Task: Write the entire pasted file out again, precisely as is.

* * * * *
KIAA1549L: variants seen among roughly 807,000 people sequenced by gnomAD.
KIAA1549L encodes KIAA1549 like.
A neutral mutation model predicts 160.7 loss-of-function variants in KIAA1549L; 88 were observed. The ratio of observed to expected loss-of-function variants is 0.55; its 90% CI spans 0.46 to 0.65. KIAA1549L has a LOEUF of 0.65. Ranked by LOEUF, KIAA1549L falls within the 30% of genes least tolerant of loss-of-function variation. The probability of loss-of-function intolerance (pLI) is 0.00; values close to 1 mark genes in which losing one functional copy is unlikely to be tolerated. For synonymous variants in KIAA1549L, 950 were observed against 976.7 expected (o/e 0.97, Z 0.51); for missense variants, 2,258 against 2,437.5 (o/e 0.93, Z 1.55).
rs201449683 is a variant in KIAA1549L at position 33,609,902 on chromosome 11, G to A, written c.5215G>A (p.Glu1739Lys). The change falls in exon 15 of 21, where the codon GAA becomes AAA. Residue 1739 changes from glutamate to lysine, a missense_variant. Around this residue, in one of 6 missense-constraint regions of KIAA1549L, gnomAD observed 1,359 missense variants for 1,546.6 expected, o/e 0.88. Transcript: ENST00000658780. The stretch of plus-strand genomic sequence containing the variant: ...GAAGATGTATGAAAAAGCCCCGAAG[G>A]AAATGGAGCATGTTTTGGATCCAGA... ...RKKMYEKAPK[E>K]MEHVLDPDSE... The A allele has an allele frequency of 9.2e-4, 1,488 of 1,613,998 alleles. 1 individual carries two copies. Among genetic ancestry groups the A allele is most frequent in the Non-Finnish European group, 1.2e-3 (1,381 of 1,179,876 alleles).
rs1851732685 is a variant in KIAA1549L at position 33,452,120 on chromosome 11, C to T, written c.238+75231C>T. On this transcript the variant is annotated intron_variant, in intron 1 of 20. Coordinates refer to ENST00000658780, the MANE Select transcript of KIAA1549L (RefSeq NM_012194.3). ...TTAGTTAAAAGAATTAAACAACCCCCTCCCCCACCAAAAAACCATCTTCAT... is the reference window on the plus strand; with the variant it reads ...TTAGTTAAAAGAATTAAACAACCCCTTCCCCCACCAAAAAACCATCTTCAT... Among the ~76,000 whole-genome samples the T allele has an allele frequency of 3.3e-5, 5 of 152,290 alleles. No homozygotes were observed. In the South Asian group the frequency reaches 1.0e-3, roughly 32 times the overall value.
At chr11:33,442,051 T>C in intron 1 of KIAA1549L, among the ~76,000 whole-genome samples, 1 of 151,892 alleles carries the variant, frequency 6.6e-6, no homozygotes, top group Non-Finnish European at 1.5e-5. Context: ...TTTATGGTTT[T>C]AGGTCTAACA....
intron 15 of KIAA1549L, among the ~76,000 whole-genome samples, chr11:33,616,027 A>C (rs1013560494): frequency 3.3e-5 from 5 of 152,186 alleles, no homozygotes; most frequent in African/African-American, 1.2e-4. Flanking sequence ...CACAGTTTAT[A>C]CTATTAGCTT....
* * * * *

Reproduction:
KIAA1549L: variants seen among roughly 807,000 people sequenced by gnomAD.
KIAA1549L encodes KIAA1549 like.
A neutral mutation model predicts 160.7 loss-of-function variants in KIAA1549L; 88 were observed. The ratio of observed to expected loss-of-function variants is 0.55; its 90% CI spans 0.46 to 0.65. KIAA1549L has a LOEUF of 0.65. Ranked by LOEUF, KIAA1549L falls within the 30% of genes least tolerant of loss-of-function variation. The probability of loss-of-function intolerance (pLI) is 0.00; values close to 1 mark genes in which losing one functional copy is unlikely to be tolerated. For synonymous variants in KIAA1549L, 950 were observed against 976.7 expected (o/e 0.97, Z 0.51); for missense variants, 2,258 against 2,437.5 (o/e 0.93, Z 1.55).
rs201449683 is a variant in KIAA1549L at position 33,609,902 on chromosome 11, G to A, written c.5215G>A (p.Glu1739Lys). The change falls in exon 15 of 21, where the codon GAA becomes AAA. Residue 1739 changes from glutamate to lysine, a missense_variant. Around this residue, in one of 6 missense-constraint regions of KIAA1549L, gnomAD observed 1,359 missense variants for 1,546.6 expected, o/e 0.88. Transcript: ENST00000658780. The stretch of plus-strand genomic sequence containing the variant: ...GAAGATGTATGAAAAAGCCCCGAAG[G>A]AAATGGAGCATGTTTTGGATCCAGA... ...RKKMYEKAPK[E>K]MEHVLDPDSE... The A allele has an allele frequency of 9.2e-4, 1,488 of 1,613,998 alleles. 1 individual carries two copies. Among genetic ancestry groups the A allele is most frequent in the Non-Finnish European group, 1.2e-3 (1,381 of 1,179,876 alleles).
rs1851732685 is a variant in KIAA1549L at position 33,452,120 on chromosome 11, C to T, written c.238+75231C>T. On this transcript the variant is annotated intron_variant, in intron 1 of 20. Coordinates refer to ENST00000658780, the MANE Select transcript of KIAA1549L (RefSeq NM_012194.3). ...TTAGTTAAAAGAATTAAACAACCCCCTCCCCCACCAAAAAACCATCTTCAT... is the reference window on the plus strand; with the variant it reads ...TTAGTTAAAAGAATTAAACAACCCCTTCCCCCACCAAAAAACCATCTTCAT... Among the ~76,000 whole-genome samples the T allele has an allele frequency of 3.3e-5, 5 of 152,290 alleles. No homozygotes were observed. In the South Asian group the frequency reaches 1.0e-3, roughly 32 times the overall value.
At chr11:33,442,051 T>C in intron 1 of KIAA1549L, among the ~76,000 whole-genome samples, 1 of 151,892 alleles carries the variant, frequency 6.6e-6, no homozygotes, top group Non-Finnish European at 1.5e-5. Context: ...TTTATGGTTT[T>C]AGGTCTAACA....
intron 15 of KIAA1549L, among the ~76,000 whole-genome samples, chr11:33,616,027 A>C (rs1013560494): frequency 3.3e-5 from 5 of 152,186 alleles, no homozygotes; most frequent in African/African-American, 1.2e-4. Flanking sequence ...CACAGTTTAT[A>C]CTATTAGCTT....